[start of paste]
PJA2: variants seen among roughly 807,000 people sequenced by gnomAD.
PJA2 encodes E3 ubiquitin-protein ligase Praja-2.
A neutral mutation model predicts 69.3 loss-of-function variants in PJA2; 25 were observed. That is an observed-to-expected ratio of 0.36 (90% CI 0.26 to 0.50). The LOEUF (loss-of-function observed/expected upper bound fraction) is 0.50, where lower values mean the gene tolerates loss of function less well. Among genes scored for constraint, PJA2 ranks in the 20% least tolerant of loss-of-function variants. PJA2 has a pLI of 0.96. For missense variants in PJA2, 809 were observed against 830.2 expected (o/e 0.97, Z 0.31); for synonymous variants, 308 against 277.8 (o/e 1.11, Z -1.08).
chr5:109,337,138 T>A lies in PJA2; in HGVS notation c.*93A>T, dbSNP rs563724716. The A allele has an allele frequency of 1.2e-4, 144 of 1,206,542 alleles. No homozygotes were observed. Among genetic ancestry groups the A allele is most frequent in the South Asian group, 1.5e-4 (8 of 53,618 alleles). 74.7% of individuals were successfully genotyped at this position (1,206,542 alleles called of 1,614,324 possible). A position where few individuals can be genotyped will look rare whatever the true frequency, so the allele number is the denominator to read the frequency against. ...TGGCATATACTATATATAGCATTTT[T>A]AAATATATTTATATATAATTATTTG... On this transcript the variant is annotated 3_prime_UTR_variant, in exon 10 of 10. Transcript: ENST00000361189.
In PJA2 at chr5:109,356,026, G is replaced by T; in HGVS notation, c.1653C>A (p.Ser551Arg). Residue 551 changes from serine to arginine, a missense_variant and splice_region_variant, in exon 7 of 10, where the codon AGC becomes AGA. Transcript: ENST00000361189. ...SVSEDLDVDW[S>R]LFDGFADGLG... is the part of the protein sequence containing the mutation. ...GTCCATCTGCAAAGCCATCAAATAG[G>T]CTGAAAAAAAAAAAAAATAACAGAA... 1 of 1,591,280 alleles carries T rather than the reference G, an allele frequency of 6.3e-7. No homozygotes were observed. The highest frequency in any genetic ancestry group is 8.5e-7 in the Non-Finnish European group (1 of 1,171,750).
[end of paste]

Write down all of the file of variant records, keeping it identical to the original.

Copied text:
PJA2: variants seen among roughly 807,000 people sequenced by gnomAD.
PJA2 encodes E3 ubiquitin-protein ligase Praja-2.
A neutral mutation model predicts 69.3 loss-of-function variants in PJA2; 25 were observed. That is an observed-to-expected ratio of 0.36 (90% CI 0.26 to 0.50). The LOEUF (loss-of-function observed/expected upper bound fraction) is 0.50, where lower values mean the gene tolerates loss of function less well. Among genes scored for constraint, PJA2 ranks in the 20% least tolerant of loss-of-function variants. PJA2 has a pLI of 0.96. For missense variants in PJA2, 809 were observed against 830.2 expected (o/e 0.97, Z 0.31); for synonymous variants, 308 against 277.8 (o/e 1.11, Z -1.08).
chr5:109,337,138 T>A lies in PJA2; in HGVS notation c.*93A>T, dbSNP rs563724716. The A allele has an allele frequency of 1.2e-4, 144 of 1,206,542 alleles. No homozygotes were observed. Among genetic ancestry groups the A allele is most frequent in the South Asian group, 1.5e-4 (8 of 53,618 alleles). 74.7% of individuals were successfully genotyped at this position (1,206,542 alleles called of 1,614,324 possible). A position where few individuals can be genotyped will look rare whatever the true frequency, so the allele number is the denominator to read the frequency against. ...TGGCATATACTATATATAGCATTTT[T>A]AAATATATTTATATATAATTATTTG... On this transcript the variant is annotated 3_prime_UTR_variant, in exon 10 of 10. Transcript: ENST00000361189.
In PJA2 at chr5:109,356,026, G is replaced by T; in HGVS notation, c.1653C>A (p.Ser551Arg). Residue 551 changes from serine to arginine, a missense_variant and splice_region_variant, in exon 7 of 10, where the codon AGC becomes AGA. Transcript: ENST00000361189. ...SVSEDLDVDW[S>R]LFDGFADGLG... is the part of the protein sequence containing the mutation. ...GTCCATCTGCAAAGCCATCAAATAG[G>T]CTGAAAAAAAAAAAAAATAACAGAA... 1 of 1,591,280 alleles carries T rather than the reference G, an allele frequency of 6.3e-7. No homozygotes were observed. The highest frequency in any genetic ancestry group is 8.5e-7 in the Non-Finnish European group (1 of 1,171,750).